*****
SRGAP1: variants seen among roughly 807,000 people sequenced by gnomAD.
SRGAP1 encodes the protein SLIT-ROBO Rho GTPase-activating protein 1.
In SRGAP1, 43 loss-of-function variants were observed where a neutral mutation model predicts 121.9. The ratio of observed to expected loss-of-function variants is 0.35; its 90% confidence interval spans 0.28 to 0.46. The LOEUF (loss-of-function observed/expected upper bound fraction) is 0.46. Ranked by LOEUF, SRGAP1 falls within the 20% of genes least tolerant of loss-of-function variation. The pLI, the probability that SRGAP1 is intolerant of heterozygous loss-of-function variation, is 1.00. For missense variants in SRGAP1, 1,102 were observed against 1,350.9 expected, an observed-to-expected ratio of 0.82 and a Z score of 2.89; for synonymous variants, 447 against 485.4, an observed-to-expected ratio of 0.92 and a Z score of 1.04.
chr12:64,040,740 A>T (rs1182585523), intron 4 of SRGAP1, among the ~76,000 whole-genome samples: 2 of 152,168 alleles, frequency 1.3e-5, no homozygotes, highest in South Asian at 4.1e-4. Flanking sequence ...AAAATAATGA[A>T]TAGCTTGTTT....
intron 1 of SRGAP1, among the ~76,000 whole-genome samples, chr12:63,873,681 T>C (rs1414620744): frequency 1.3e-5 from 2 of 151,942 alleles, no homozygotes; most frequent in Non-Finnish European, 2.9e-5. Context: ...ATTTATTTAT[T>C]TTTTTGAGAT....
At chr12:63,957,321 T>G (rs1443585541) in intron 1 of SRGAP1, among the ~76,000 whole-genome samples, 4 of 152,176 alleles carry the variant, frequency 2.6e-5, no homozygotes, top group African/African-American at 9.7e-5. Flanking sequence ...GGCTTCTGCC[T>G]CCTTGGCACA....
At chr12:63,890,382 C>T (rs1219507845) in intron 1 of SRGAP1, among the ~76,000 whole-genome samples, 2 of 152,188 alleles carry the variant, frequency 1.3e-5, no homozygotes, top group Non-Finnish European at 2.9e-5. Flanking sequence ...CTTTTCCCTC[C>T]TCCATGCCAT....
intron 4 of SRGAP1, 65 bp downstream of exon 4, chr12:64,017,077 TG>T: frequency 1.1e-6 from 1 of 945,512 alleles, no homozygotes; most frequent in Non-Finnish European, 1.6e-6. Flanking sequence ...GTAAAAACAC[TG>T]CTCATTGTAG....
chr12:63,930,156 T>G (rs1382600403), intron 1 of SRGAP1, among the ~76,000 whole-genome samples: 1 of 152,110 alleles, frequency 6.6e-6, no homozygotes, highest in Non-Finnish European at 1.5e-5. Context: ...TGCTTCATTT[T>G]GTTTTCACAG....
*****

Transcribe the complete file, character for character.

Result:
SRGAP1: variants seen among roughly 807,000 people sequenced by gnomAD.
SRGAP1 encodes the protein SLIT-ROBO Rho GTPase-activating protein 1.
In SRGAP1, 43 loss-of-function variants were observed where a neutral mutation model predicts 121.9. The ratio of observed to expected loss-of-function variants is 0.35; its 90% confidence interval spans 0.28 to 0.46. The LOEUF (loss-of-function observed/expected upper bound fraction) is 0.46. Ranked by LOEUF, SRGAP1 falls within the 20% of genes least tolerant of loss-of-function variation. The pLI, the probability that SRGAP1 is intolerant of heterozygous loss-of-function variation, is 1.00. For missense variants in SRGAP1, 1,102 were observed against 1,350.9 expected, an observed-to-expected ratio of 0.82 and a Z score of 2.89; for synonymous variants, 447 against 485.4, an observed-to-expected ratio of 0.92 and a Z score of 1.04.
chr12:64,040,740 A>T (rs1182585523), intron 4 of SRGAP1, among the ~76,000 whole-genome samples: 2 of 152,168 alleles, frequency 1.3e-5, no homozygotes, highest in South Asian at 4.1e-4. Flanking sequence ...AAAATAATGA[A>T]TAGCTTGTTT....
intron 1 of SRGAP1, among the ~76,000 whole-genome samples, chr12:63,873,681 T>C (rs1414620744): frequency 1.3e-5 from 2 of 151,942 alleles, no homozygotes; most frequent in Non-Finnish European, 2.9e-5. Context: ...ATTTATTTAT[T>C]TTTTTGAGAT....
At chr12:63,957,321 T>G (rs1443585541) in intron 1 of SRGAP1, among the ~76,000 whole-genome samples, 4 of 152,176 alleles carry the variant, frequency 2.6e-5, no homozygotes, top group African/African-American at 9.7e-5. Flanking sequence ...GGCTTCTGCC[T>G]CCTTGGCACA....
At chr12:63,890,382 C>T (rs1219507845) in intron 1 of SRGAP1, among the ~76,000 whole-genome samples, 2 of 152,188 alleles carry the variant, frequency 1.3e-5, no homozygotes, top group Non-Finnish European at 2.9e-5. Flanking sequence ...CTTTTCCCTC[C>T]TCCATGCCAT....
intron 4 of SRGAP1, 65 bp downstream of exon 4, chr12:64,017,077 TG>T: frequency 1.1e-6 from 1 of 945,512 alleles, no homozygotes; most frequent in Non-Finnish European, 1.6e-6. Flanking sequence ...GTAAAAACAC[TG>T]CTCATTGTAG....
chr12:63,930,156 T>G (rs1382600403), intron 1 of SRGAP1, among the ~76,000 whole-genome samples: 1 of 152,110 alleles, frequency 6.6e-6, no homozygotes, highest in Non-Finnish European at 1.5e-5. Context: ...TGCTTCATTT[T>G]GTTTTCACAG....